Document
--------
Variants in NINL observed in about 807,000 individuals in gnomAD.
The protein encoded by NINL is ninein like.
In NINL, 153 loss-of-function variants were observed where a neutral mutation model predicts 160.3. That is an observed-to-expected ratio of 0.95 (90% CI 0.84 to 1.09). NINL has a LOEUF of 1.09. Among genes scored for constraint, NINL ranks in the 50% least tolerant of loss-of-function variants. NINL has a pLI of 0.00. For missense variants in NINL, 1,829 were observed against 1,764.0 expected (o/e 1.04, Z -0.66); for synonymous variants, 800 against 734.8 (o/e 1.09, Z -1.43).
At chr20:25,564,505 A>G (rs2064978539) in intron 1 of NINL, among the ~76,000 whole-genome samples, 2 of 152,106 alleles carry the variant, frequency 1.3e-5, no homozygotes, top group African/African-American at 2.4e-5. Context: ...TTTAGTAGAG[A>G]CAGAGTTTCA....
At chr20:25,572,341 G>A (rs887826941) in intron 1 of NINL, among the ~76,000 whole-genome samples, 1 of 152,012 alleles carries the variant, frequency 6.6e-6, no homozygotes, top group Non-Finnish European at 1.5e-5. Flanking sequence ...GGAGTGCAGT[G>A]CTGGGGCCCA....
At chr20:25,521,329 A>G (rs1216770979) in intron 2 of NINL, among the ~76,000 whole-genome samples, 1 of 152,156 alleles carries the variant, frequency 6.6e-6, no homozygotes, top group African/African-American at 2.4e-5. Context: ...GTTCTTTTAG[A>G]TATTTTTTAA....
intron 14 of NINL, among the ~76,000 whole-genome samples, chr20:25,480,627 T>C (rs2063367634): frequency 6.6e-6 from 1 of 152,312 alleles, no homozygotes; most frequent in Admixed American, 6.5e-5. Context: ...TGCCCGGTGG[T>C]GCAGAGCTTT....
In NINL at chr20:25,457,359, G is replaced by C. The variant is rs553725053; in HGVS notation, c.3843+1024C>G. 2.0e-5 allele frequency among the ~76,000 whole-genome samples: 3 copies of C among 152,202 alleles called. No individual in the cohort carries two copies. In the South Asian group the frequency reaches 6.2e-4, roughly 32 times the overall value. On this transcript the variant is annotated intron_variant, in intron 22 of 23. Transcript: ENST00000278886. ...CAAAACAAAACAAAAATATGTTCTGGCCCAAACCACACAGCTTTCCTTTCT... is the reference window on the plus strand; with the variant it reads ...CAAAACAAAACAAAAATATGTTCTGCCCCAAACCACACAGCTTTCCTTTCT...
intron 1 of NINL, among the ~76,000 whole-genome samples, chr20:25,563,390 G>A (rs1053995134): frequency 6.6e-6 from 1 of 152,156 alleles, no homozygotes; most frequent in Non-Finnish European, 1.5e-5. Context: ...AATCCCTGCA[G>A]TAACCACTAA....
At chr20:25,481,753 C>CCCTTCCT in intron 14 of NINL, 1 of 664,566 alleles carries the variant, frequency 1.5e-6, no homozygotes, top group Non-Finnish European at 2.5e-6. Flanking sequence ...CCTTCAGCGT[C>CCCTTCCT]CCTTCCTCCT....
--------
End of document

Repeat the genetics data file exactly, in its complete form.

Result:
Variants in NINL observed in about 807,000 individuals in gnomAD.
The protein encoded by NINL is ninein like.
In NINL, 153 loss-of-function variants were observed where a neutral mutation model predicts 160.3. That is an observed-to-expected ratio of 0.95 (90% CI 0.84 to 1.09). NINL has a LOEUF of 1.09. Among genes scored for constraint, NINL ranks in the 50% least tolerant of loss-of-function variants. NINL has a pLI of 0.00. For missense variants in NINL, 1,829 were observed against 1,764.0 expected (o/e 1.04, Z -0.66); for synonymous variants, 800 against 734.8 (o/e 1.09, Z -1.43).
At chr20:25,564,505 A>G (rs2064978539) in intron 1 of NINL, among the ~76,000 whole-genome samples, 2 of 152,106 alleles carry the variant, frequency 1.3e-5, no homozygotes, top group African/African-American at 2.4e-5. Context: ...TTTAGTAGAG[A>G]CAGAGTTTCA....
At chr20:25,572,341 G>A (rs887826941) in intron 1 of NINL, among the ~76,000 whole-genome samples, 1 of 152,012 alleles carries the variant, frequency 6.6e-6, no homozygotes, top group Non-Finnish European at 1.5e-5. Flanking sequence ...GGAGTGCAGT[G>A]CTGGGGCCCA....
At chr20:25,521,329 A>G (rs1216770979) in intron 2 of NINL, among the ~76,000 whole-genome samples, 1 of 152,156 alleles carries the variant, frequency 6.6e-6, no homozygotes, top group African/African-American at 2.4e-5. Context: ...GTTCTTTTAG[A>G]TATTTTTTAA....
intron 14 of NINL, among the ~76,000 whole-genome samples, chr20:25,480,627 T>C (rs2063367634): frequency 6.6e-6 from 1 of 152,312 alleles, no homozygotes; most frequent in Admixed American, 6.5e-5. Context: ...TGCCCGGTGG[T>C]GCAGAGCTTT....
In NINL at chr20:25,457,359, G is replaced by C. The variant is rs553725053; in HGVS notation, c.3843+1024C>G. 2.0e-5 allele frequency among the ~76,000 whole-genome samples: 3 copies of C among 152,202 alleles called. No individual in the cohort carries two copies. In the South Asian group the frequency reaches 6.2e-4, roughly 32 times the overall value. On this transcript the variant is annotated intron_variant, in intron 22 of 23. Transcript: ENST00000278886. ...CAAAACAAAACAAAAATATGTTCTGGCCCAAACCACACAGCTTTCCTTTCT... is the reference window on the plus strand; with the variant it reads ...CAAAACAAAACAAAAATATGTTCTGCCCCAAACCACACAGCTTTCCTTTCT...
intron 1 of NINL, among the ~76,000 whole-genome samples, chr20:25,563,390 G>A (rs1053995134): frequency 6.6e-6 from 1 of 152,156 alleles, no homozygotes; most frequent in Non-Finnish European, 1.5e-5. Context: ...AATCCCTGCA[G>A]TAACCACTAA....
At chr20:25,481,753 C>CCCTTCCT in intron 14 of NINL, 1 of 664,566 alleles carries the variant, frequency 1.5e-6, no homozygotes, top group Non-Finnish European at 2.5e-6. Flanking sequence ...CCTTCAGCGT[C>CCCTTCCT]CCTTCCTCCT....